• analytics, advising & learning assessment_Data: Dispositional, Course Activity and Engagement, Student Artifacts, all intended here in two dimensions: learning analytics and integrated planning as in institutional capability to create shared ownership
  • collaboration_as a lead design goal (…) it doesn’t simply involve peers but also institutional collaborations (…) the usual walled garden system allows more freedom for content sharing but learning in social settings seems to be of great value
  • accessibility & universal design_ for inclusion, addressing accessibility means framing the learner both as receiver and as creator of content


Full Report available here

Image available here

The BASE* is Up!


The figure shows that over 100 million documents* (about 60% open access) were open through 5,000 content providers.The growth rates (22% for documents, 27% for content providers) are particularly impressive given the high pre-existing content rate.

In the article entitled “Dramatic Growth of Open Access” additional resources are mentioned such as: OECD iLibraryDirectory of Open Access BooksarXivsocArXivbioRxivRePECInternet Archive

* BASE: Bielefeld Academic Search Engine

**Currently in BASE: 103,458,284 Documents of 5,028 Content Sources

Image and Data available here

2016 MOOC Stats

COURSES: 6.850 from over 700 Universities (2.600+ new ones)

USERS: Coursera: 23million/ edX 10 million/ XuetangX: 6 million/ FutureLearn 5.3 million/ Udacity: 4 million

PROVIDERS-Coursera: 1700 + courses/ EdX: 1300/ FutureLearn: 480/ Miriada X: 350 (Spanish)/ XuetangX 300+ 9Chinese)




Image & Data retrieved here

UNESCO Guides to OERs


OER encapsulates a potential vision for educational systems globally wherein individual educators, and then increasingly entire departments and institutions, come together in common online spaces (which, like the most successful Internet phenomena, are not ‘owned’ by any one institutional or corporate interest) to start sharing the materials they have produced, in an effort ultimately to ensure that all the material which students need to complete their studies successfully can be accessed – legally – without any costs of licensing.

Full report available here

Educational Research, Cognitive Science & Neuroscience


Notes from MIT’s Online Education Policy Initiative Report, Pages 6-10

ER: Constructivism: Dewey, experiential learning, Piaget, Vygotsky, Montessori, inquiry and discovery. Active learning, teaching laboratories, Amos Eaton (1824), active instruction, Mazur, peer learning, all-hands-on courses, mini-lectures, simulations experiments. Online counterparts are flipped classroom. Project -based learning, video disks, personal computers and calculators. Papert’s Constructionism, a refinement of constructivism, development of Lego Mindstorms, robot design, prototyping technologies. Problem-based learning, imprecisely defined problems, self-directed learning peer learning, teamwork, internships, work-study programs, blurred boundaries between college and workplace. Student-centered education, reflection, discussion, interdisciplinary thinking, self-paced learning, Bloom, students in small cohorts. Online counterparts are Peer2Peer University where peer is the primary instructor.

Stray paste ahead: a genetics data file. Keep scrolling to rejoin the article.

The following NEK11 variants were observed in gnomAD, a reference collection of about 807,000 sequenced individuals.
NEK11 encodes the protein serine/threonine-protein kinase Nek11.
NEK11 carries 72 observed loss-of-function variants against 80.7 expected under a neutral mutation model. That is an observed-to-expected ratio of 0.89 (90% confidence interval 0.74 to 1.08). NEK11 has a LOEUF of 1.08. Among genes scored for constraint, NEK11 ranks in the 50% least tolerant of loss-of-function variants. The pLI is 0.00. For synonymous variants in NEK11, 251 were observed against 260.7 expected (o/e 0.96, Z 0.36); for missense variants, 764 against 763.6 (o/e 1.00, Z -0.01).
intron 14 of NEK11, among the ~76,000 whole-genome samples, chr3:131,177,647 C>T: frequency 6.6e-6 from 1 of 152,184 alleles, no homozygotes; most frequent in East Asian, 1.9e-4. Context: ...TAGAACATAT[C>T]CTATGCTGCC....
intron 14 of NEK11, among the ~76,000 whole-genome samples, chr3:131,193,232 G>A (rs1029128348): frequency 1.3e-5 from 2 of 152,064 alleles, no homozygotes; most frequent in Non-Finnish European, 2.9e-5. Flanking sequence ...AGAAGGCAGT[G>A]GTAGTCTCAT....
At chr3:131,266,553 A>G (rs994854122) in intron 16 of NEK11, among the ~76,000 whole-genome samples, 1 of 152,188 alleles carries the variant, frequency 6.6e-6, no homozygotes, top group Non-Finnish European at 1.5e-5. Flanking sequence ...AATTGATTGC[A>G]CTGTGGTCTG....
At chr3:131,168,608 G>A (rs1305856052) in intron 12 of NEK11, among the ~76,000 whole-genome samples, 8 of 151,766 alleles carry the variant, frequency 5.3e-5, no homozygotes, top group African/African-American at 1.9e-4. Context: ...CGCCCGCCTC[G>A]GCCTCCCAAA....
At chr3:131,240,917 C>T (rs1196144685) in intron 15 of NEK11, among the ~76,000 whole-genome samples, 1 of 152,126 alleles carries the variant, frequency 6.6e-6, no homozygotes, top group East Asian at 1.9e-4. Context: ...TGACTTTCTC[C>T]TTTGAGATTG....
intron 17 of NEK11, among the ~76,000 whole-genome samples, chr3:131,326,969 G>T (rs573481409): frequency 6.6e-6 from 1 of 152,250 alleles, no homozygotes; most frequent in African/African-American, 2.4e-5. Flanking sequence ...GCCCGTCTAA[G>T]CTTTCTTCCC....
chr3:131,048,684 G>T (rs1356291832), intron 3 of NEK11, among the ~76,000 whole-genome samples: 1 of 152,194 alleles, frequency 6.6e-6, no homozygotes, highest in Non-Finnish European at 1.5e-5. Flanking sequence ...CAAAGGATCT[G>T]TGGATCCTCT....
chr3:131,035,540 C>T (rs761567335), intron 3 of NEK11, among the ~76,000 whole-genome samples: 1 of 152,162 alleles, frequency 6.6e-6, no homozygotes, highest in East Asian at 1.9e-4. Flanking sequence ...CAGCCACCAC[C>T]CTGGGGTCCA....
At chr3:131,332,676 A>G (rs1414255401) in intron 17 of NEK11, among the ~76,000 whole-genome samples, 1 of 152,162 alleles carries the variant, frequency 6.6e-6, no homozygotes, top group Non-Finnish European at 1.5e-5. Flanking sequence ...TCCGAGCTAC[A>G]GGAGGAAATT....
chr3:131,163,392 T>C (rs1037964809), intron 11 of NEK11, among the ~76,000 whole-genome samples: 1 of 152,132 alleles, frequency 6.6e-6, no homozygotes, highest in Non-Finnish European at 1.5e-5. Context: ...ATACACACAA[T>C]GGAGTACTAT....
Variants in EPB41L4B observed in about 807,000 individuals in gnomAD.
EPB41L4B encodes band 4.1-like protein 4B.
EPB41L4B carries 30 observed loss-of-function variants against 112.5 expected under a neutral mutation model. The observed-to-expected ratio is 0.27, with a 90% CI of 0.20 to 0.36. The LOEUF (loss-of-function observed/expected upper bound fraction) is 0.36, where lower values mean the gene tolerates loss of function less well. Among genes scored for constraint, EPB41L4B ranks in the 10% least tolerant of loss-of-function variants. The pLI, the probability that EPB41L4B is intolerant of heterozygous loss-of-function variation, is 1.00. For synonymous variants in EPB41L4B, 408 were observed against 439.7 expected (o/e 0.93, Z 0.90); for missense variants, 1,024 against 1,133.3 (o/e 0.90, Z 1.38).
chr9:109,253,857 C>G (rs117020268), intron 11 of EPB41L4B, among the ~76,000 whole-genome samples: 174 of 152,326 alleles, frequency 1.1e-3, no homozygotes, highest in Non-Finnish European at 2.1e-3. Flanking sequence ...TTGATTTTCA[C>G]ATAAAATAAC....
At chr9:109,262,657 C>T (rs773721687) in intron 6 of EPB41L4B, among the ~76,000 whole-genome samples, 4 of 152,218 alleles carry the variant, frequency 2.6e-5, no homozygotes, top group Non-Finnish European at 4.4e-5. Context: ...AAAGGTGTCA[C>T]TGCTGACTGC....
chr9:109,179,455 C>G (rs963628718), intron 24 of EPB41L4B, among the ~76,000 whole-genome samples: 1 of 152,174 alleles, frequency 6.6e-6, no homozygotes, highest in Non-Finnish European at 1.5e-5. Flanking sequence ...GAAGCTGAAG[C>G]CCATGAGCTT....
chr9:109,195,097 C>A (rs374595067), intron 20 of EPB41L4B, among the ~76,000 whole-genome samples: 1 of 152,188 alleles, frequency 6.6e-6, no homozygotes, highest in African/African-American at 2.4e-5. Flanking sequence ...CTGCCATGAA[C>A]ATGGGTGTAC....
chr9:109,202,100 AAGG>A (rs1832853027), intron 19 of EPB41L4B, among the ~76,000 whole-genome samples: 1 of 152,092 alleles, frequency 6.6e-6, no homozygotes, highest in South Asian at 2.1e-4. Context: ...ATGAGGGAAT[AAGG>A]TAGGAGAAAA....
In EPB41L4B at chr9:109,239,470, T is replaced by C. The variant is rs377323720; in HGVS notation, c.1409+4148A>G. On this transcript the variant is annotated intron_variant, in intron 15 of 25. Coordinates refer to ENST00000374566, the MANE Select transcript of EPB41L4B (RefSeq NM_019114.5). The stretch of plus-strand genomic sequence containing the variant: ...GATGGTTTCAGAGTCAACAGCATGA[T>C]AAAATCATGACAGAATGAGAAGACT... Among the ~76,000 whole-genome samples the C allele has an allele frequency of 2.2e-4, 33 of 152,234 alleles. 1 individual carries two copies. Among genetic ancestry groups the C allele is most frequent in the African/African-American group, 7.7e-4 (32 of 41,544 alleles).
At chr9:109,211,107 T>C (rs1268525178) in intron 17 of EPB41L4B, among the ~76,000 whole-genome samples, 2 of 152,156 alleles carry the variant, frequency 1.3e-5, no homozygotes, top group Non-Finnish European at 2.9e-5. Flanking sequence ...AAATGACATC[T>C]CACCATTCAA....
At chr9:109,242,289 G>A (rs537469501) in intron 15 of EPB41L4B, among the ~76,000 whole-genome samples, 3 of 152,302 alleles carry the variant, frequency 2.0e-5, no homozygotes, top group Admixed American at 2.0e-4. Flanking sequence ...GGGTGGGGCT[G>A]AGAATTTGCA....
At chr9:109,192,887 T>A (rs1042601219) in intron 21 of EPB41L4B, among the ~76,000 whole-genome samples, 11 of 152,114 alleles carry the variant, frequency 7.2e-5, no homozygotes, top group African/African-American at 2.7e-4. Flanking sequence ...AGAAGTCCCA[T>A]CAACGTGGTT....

CS: level of the brain, Ebbinghaus, how memories form and persistmind wandering, task-unrelated thoughts, make students curious, retrieval practice, engaging repeatedly in recall activities
is called interpolated testing, block of practice right after students have learned a topic, contrast between storage strength and retrieval strength, concept of desirable
difficulties,generation effect, generation of answers can help learning even if they are wrong, and feedback is effective even if it is corrective. Cognitive load theory, “compression” of new information, novices should be given worked examples
rather than open-ended problems. Impact of context, the context of the learning reflect the context in which that information will likely be used.

N: level of the neurons, initial encoding, integration of memories, consolidation, synaptic and system levels, sleep, blocked learning may be associated with saturation at the synapse during a process known as long-term potentiation, cognitive load has been shown to be measurable using pupillary dilation, activation of sensorimotor brain regions would enhance understanding of torque and angular momentum, MRI shows more active training
methods correlated not only with better test performance but also with greater stimulation of the predicted brain regions

Image available here

MIT’s Online Education Policy Initiative Report


The report was published in April 2016 and focuses on higher education particularly for STEM fields. “The report”, the authors argue, “digresses into deeper and broader examination of learning, and makes recommendations about online learning in that context”. Four main recommendations are indicated:

  • Recommendation 01. Increase Interdisciplinary Collaboration Across Fields of Research in Higher Education, Using an Integrated Research Agenda: look for the convergence between outside-in approach and the inside-out approach in education.